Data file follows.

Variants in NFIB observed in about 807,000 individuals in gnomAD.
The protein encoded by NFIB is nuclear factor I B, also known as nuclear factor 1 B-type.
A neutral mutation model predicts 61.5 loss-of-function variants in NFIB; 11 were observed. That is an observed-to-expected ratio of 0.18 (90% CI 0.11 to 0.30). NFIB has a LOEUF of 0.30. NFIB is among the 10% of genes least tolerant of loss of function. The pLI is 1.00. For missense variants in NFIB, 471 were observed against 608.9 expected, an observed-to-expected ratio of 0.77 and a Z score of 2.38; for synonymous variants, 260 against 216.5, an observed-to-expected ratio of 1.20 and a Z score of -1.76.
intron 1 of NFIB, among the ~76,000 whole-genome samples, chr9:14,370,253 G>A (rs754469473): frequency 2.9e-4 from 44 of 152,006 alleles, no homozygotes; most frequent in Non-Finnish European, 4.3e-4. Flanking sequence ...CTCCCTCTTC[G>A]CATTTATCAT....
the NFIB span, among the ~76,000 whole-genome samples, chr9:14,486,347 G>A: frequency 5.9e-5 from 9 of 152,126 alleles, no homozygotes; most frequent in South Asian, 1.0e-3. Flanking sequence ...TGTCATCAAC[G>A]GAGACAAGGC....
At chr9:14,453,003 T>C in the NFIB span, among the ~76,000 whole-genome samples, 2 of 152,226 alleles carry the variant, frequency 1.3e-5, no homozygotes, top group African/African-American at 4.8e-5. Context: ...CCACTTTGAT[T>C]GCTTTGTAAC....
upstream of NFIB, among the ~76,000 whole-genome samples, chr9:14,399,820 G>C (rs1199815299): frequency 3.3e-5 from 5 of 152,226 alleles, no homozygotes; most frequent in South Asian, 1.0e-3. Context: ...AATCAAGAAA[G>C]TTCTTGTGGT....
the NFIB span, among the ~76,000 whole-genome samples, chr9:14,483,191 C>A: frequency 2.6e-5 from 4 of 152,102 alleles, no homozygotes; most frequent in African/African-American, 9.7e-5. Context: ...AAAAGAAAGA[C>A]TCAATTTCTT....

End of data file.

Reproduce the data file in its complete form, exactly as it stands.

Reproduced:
Variants in NFIB observed in about 807,000 individuals in gnomAD.
The protein encoded by NFIB is nuclear factor I B, also known as nuclear factor 1 B-type.
A neutral mutation model predicts 61.5 loss-of-function variants in NFIB; 11 were observed. That is an observed-to-expected ratio of 0.18 (90% CI 0.11 to 0.30). NFIB has a LOEUF of 0.30. NFIB is among the 10% of genes least tolerant of loss of function. The pLI is 1.00. For missense variants in NFIB, 471 were observed against 608.9 expected, an observed-to-expected ratio of 0.77 and a Z score of 2.38; for synonymous variants, 260 against 216.5, an observed-to-expected ratio of 1.20 and a Z score of -1.76.
intron 1 of NFIB, among the ~76,000 whole-genome samples, chr9:14,370,253 G>A (rs754469473): frequency 2.9e-4 from 44 of 152,006 alleles, no homozygotes; most frequent in Non-Finnish European, 4.3e-4. Flanking sequence ...CTCCCTCTTC[G>A]CATTTATCAT....
the NFIB span, among the ~76,000 whole-genome samples, chr9:14,486,347 G>A: frequency 5.9e-5 from 9 of 152,126 alleles, no homozygotes; most frequent in South Asian, 1.0e-3. Flanking sequence ...TGTCATCAAC[G>A]GAGACAAGGC....
At chr9:14,453,003 T>C in the NFIB span, among the ~76,000 whole-genome samples, 2 of 152,226 alleles carry the variant, frequency 1.3e-5, no homozygotes, top group African/African-American at 4.8e-5. Context: ...CCACTTTGAT[T>C]GCTTTGTAAC....
upstream of NFIB, among the ~76,000 whole-genome samples, chr9:14,399,820 G>C (rs1199815299): frequency 3.3e-5 from 5 of 152,226 alleles, no homozygotes; most frequent in South Asian, 1.0e-3. Context: ...AATCAAGAAA[G>C]TTCTTGTGGT....
the NFIB span, among the ~76,000 whole-genome samples, chr9:14,483,191 C>A: frequency 2.6e-5 from 4 of 152,102 alleles, no homozygotes; most frequent in African/African-American, 9.7e-5. Context: ...AAAAGAAAGA[C>A]TCAATTTCTT....